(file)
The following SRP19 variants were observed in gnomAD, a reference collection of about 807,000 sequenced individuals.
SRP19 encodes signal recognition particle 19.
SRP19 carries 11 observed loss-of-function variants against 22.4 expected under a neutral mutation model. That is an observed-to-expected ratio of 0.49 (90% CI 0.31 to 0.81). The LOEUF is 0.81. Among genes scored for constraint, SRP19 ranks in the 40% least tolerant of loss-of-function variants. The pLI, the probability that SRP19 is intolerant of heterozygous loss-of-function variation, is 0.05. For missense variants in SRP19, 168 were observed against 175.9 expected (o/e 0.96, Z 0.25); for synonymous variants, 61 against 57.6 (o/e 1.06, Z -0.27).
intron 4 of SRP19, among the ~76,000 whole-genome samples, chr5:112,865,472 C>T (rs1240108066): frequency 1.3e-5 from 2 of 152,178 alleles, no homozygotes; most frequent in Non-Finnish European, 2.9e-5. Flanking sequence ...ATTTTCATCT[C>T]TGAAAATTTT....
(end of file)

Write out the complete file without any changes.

The following SRP19 variants were observed in gnomAD, a reference collection of about 807,000 sequenced individuals.
SRP19 encodes signal recognition particle 19.
SRP19 carries 11 observed loss-of-function variants against 22.4 expected under a neutral mutation model. That is an observed-to-expected ratio of 0.49 (90% CI 0.31 to 0.81). The LOEUF is 0.81. Among genes scored for constraint, SRP19 ranks in the 40% least tolerant of loss-of-function variants. The pLI, the probability that SRP19 is intolerant of heterozygous loss-of-function variation, is 0.05. For missense variants in SRP19, 168 were observed against 175.9 expected (o/e 0.96, Z 0.25); for synonymous variants, 61 against 57.6 (o/e 1.06, Z -0.27).
intron 4 of SRP19, among the ~76,000 whole-genome samples, chr5:112,865,472 C>T (rs1240108066): frequency 1.3e-5 from 2 of 152,178 alleles, no homozygotes; most frequent in Non-Finnish European, 2.9e-5. Flanking sequence ...ATTTTCATCT[C>T]TGAAAATTTT....